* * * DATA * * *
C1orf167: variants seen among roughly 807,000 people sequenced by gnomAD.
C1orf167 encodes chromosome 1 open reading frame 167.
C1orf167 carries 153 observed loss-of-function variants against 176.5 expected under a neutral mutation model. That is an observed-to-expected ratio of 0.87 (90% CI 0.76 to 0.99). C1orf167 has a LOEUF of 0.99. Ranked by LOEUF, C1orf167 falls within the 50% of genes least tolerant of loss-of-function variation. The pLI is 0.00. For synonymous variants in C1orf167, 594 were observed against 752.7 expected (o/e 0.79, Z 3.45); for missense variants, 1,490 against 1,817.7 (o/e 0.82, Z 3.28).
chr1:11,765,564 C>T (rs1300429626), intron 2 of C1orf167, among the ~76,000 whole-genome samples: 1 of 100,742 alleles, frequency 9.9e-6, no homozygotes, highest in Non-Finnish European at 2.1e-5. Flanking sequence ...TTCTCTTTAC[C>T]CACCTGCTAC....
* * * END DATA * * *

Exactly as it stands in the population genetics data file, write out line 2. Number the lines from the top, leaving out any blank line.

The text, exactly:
C1orf167 encodes chromosome 1 open reading frame 167.